I struggled on where to rank The Fresh Prince of Bel-Air, or even whether to rank it at all. However, when I consider this show, I do not think there was another show during my childhood that connected more with most young adults, and even older adults, than Will Smith’s brilliant The Fresh Prince of Bel-Air. This show has one of the most iconic opening theme songs, which I find even my students and the young children today still know every word. In fact, of all the shows on this list, The Fresh Prince of Bel-Air is the one show that is still watched avidly by millennials and the youth of society. At a time when the vast majority of family sitcoms focused on mostly an all-white cast, The Fresh Prince of Bel-Air followed right behind The Cosby Show as it captured the hearts of viewers of all races. Now I know I might catch some heat for the following statement, but for as much as I know how much The Cosby Show influenced the direction of television, I just never loved it the way I loved The Fresh Prince of Bel-Air; and the latter show has remained the more popular program in today’s society (However, if someone wants to argue that The Cosby Show was clearly the more important of the two, I would totally understand that argument…it’s a strong argument I am sure one that most people would make). Okay, so the sitcoms prior to The Cosby Show that focused on mostly African Americans characters were not as popular with the average white American household. Of course, The Cosby Show changed that perspective, but The Fresh Prince of Bel-Air was just cooler! Yes, the dichotomy of the wealthy Banks family brushing up against the West Philadelphian-raised culture brought into the family dynamic by Will took the current thriving hip-hop culture of the late 80s and early 90s directly into American homes. I do not think it can be stressed enough what this show did in changing the culture and direction of television for the 90s. No longer were studios timid in greenlighting sitcoms with predominantly African American casts; and in fact, they now hungered for these types of scripts. Shows like Martin, Living Single, Moesha in the House, etc., all followed closely on the footsteps paved by The Fresh Prince of Bel-Air.
#6- Married With Children- (Premiered April 5, 1987)
At a time when Fox was in its infancy, it was searching for a way to separate itself from the major three broadcasting networks. As Fox tried to venture into the sitcom world and make its mark, it decided to reach outside of the box and explore shows that were more unique to the sitcom genre. It struck sitcom gold immediately in Married with Children. Unlike most other sitcoms, the patriarch of the Bundy family and main character of Married with Children, Al Bundy, was more like a contemporary anti-hero. Where he is truly at heart a morally grounded man, his gross and obnoxious masculinity drove a show, which probably would fail to work in today’s socio-political milieu. Al Bundy was a slight call-back to Carol O’ Connor’s Archie Bunker, and he would steer the narrative with his misogynistic and Alpha-male one-liners. Yet, unlike conventional anti-heroes, there was still a sensibility and ultimately a reliable code of honor that would make Al lovable to the American public. Let’s not forget that his wife Peg (Katey Sagal), his daughter Kelly (Christina Applegate), and his son Bud (David Faustino) helped fill out this classic family dynamic. Still, what made this show a top sitcom of the modern era was its willingness to break normal sitcom conventions and ultimately usher in a new style of comedy. Along with The Simpsons, Married with Children is almost single-handedly accredited with putting Fox on the map, and it continued to see success from 1987 and on.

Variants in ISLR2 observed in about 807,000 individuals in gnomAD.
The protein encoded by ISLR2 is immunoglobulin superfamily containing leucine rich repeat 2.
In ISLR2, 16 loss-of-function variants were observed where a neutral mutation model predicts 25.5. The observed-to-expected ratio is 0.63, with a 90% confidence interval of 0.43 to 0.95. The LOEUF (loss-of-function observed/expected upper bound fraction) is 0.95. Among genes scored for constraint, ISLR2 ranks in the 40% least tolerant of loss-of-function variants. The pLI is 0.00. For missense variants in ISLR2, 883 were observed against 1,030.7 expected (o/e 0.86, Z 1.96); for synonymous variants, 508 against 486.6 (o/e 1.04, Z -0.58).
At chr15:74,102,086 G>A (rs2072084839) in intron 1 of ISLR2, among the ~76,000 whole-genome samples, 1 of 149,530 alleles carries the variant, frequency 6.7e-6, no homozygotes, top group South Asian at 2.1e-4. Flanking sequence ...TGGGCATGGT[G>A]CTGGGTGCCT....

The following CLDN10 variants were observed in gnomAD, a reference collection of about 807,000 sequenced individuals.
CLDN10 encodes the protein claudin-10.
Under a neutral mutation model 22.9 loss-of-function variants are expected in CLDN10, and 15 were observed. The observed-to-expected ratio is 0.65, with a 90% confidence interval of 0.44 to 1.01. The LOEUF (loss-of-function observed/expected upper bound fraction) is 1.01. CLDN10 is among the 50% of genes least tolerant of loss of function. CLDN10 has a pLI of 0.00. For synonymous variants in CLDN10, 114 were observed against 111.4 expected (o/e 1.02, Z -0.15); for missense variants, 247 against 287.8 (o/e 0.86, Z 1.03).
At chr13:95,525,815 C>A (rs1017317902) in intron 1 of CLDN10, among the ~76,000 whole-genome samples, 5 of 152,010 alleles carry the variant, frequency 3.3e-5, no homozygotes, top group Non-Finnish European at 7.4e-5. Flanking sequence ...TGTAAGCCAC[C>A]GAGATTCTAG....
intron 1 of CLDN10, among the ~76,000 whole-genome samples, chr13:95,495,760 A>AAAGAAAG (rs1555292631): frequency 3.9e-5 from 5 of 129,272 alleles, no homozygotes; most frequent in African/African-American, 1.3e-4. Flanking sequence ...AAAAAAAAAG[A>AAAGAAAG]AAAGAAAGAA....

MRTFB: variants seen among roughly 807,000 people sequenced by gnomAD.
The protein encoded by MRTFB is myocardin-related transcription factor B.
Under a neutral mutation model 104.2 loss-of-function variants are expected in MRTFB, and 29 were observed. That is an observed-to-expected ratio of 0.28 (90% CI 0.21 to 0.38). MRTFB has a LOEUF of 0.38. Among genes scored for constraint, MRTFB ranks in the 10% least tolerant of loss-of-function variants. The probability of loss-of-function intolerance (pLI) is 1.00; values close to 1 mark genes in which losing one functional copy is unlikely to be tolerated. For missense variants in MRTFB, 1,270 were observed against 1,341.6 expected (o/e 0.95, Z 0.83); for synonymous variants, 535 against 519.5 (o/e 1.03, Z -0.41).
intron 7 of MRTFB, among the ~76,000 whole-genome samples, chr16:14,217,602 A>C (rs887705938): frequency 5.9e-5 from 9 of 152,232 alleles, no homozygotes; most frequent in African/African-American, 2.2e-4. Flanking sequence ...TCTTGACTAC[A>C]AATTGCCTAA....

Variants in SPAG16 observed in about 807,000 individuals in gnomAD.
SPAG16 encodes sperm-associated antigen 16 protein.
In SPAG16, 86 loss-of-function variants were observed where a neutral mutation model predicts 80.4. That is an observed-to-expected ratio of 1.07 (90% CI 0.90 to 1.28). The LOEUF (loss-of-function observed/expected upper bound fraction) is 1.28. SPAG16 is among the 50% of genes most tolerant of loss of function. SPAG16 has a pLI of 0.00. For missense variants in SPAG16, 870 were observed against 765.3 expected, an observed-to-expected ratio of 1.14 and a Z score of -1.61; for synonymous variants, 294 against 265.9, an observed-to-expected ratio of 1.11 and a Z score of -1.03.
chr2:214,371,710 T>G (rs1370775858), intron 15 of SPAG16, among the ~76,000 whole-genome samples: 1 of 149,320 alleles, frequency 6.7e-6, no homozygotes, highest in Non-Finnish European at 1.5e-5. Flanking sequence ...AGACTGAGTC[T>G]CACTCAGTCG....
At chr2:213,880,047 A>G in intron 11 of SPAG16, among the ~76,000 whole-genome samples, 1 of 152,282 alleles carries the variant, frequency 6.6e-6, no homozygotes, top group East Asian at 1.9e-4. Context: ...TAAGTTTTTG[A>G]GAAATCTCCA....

#5- Community- (Premiered September 17, 2007)
Probably the least known show on this list, Community was a short-lived, cult phenomenon. It never was a rating juggernaut, and it never captured the pop-culture like the rest of the shows on this list. So why is it rated so high here? Well, it was simply genius! Yes, I said genius! Creator Dan Harmon set Community, an absolutely brilliant satire, at the fictitious community college campus of Greendale. The show centered around the study group of an Island-of-Misfit-Toys-like cast of characters, who all ended up in community college due to one setback or another in their personal lives. The cast is lead by Joel McHale, Alison Brie, Gillian Jacobs, Chevy Chase, Donald Glover, Danny Pudi, Ivette Nicole Brown, and the amazing Ken Jeong. Without launching into a long-winded synopsis of why this show works on almost every comedic level, it is one of the greatest sitcoms of the modern era due to its innovation in satire. Never before has a non-animated show parodied society more astutely than Community. Never before has a show’s dialogue been wittier and more cerebral. It was once called the “Inception of sitcoms”, and such a description could not be more accurate. It is almost impossible to explain the clever writing to someone who has never seen it. Any words I write will fail to do it justice. The one thing keeping it from being the greatest sitcom of the modern era is simply the ratings and viewership. At the risk of sounding arrogant or pretentious, there is just a great portion of the American television viewer who probably just “didn’t get it”…and, understandably so. This is not an American family show, but if you like both whimsical and inventive satire, you will fail to find a greater sitcom. The interactions of the characters of Troy and Abed remain some of the most enjoyable scenes to ever grace our television sets. If you are one of the vast majority of viewers who have never watched this show, I suggest you give it a chance. But be warned! As I stated, the comedy is just not for everyone. You’ll know about 5 episodes in whether or not this show is something you need to continue to watch.
#4- Arrested Development- (Premiered November 2, 2003)